The system-theoretical finding that systems operate on the basis of operative closure is of utmost importance for the study of regimes of normativity. This should, however, not be adopted as a dogma. If one were to pursue the idea that normative regimes also construct internal logics (that react only to a limited extent to external direction) and that external ‘irritations’ only lead to change when they can be processed by the internal rationality of the regime, it is perhaps possible to better understand the transformation of regimes. Based as it is on the premise of functional differentiation, however, this perspective has only a limited application in historical research. The Middle Ages and the early modern period were characterised by the primacy of stratified (and also still segmentary) differentiation. This does not mean that systems theory denies the existence of any autonomous partial systems (or at least of approaches to it) (Luhmann 1977, 40). It would, however, require great effort to justify studying normativity regimes using the above mentioned perspectives.
Interestingly, the concept of regime has been the subject of intense discussion in the legal-sociological theory of world society (Weltgesellschaft), which addresses the increasing importance of private forms of norm-making and enforcement (Fischer-Lescano/Teubner 2006). In order to grasp these forms adequately, the idea of regime must move further away from the idea of being a process centred on the state or on politics and reoriented to understand spontaneous production of norms in various social spheres. This understanding of regime overcomes the ascription to autonomous functional systems and is closely related to our proposed concept of regime, understood as the entanglement of diverse institutional structures that can be (from the perspective of a systems theory informed by western modernity) located in different functional systems. The further development of systems theory to encompass transnational or global law, as it has been undertaken in sociological and legal-theoretical systems theory over the past few years, has a post-national world in mind. In many ways, this world resembles to some extent that which occupies global legal history, for which the idea of Western modernity is not the guiding category but is rather a (historically speaking, relatively short yet extremely successful) form of social organisation.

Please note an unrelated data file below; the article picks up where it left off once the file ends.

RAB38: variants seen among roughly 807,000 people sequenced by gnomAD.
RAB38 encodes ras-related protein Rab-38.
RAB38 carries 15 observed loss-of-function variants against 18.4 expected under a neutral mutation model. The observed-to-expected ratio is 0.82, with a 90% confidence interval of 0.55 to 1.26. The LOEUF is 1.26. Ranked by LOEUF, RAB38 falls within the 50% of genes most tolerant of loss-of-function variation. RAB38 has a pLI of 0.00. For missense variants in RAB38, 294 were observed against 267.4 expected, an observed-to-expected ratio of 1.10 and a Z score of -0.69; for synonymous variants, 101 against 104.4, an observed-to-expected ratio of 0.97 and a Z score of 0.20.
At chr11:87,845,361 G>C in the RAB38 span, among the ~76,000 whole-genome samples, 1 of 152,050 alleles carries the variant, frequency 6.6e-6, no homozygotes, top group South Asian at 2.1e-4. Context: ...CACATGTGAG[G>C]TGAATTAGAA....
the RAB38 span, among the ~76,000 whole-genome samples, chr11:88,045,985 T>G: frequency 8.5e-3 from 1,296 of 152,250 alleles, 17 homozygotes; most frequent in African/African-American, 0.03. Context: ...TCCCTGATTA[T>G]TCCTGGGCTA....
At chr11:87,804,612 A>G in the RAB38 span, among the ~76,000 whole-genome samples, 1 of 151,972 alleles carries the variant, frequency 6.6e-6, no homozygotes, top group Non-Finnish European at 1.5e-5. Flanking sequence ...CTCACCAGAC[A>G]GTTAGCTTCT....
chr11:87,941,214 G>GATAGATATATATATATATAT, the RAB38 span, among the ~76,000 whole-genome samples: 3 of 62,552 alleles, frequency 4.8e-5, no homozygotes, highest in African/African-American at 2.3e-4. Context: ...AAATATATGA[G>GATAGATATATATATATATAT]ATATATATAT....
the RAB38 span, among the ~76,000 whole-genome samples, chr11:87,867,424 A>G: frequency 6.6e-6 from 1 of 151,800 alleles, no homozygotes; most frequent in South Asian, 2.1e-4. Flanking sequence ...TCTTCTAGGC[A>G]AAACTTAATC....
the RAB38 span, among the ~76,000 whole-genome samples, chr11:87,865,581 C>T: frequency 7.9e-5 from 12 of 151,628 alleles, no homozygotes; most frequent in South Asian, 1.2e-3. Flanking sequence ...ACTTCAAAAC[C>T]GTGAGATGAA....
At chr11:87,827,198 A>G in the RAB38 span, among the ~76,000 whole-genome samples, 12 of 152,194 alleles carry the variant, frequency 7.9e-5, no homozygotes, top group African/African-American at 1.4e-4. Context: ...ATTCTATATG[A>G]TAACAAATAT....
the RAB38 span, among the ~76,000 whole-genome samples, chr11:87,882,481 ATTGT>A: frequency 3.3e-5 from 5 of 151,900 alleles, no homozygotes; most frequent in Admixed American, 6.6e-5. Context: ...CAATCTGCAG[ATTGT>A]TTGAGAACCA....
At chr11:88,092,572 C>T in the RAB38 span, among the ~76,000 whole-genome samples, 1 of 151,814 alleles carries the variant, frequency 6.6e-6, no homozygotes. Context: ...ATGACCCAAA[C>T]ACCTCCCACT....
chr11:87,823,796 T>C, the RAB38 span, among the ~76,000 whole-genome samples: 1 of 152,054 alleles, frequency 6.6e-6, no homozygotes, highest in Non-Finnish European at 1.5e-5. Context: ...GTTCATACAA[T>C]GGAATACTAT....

Co-authors of this contribution are Manuel Bastias Saavedra, Gerd Bender, Peter Collin, Thomas Duve, Christian Pogies, Luca von Bogdandy, Johanna Wolf and Alexandra Woods.
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Luhmann, Niklas (1986), Codes, Kriterien, Programme, in: Niklas Luhmann, Ökologische Kommunikation. Kann die moderne Gesellschaft sich auf ökologische Gefährdungen einstellen?, Opladen, 89-100.
Türk, Klaus (1995), „Die Organisation der Welt“. Herrschaft durch Organisation in der modernen Gesellschaft, Opladen.
Wissenschaftsrat (2012), Perspektiven der Rechtswissenschaft in Deutschland. Situation, Analysen, Empfehlungen, WR-Drs. 2558-12, online: http://www.wissenschaftsrat.de/download/archiv/2558-12.pdf
To be continued in Part 3 … coming soon!
Cite as: Regime Theory Working Group: Historical Regimes of Normativity – Part 2, legalhistoryinsights.com, 10.09.2021, https://doi.org/10.17176/20210910-154144-0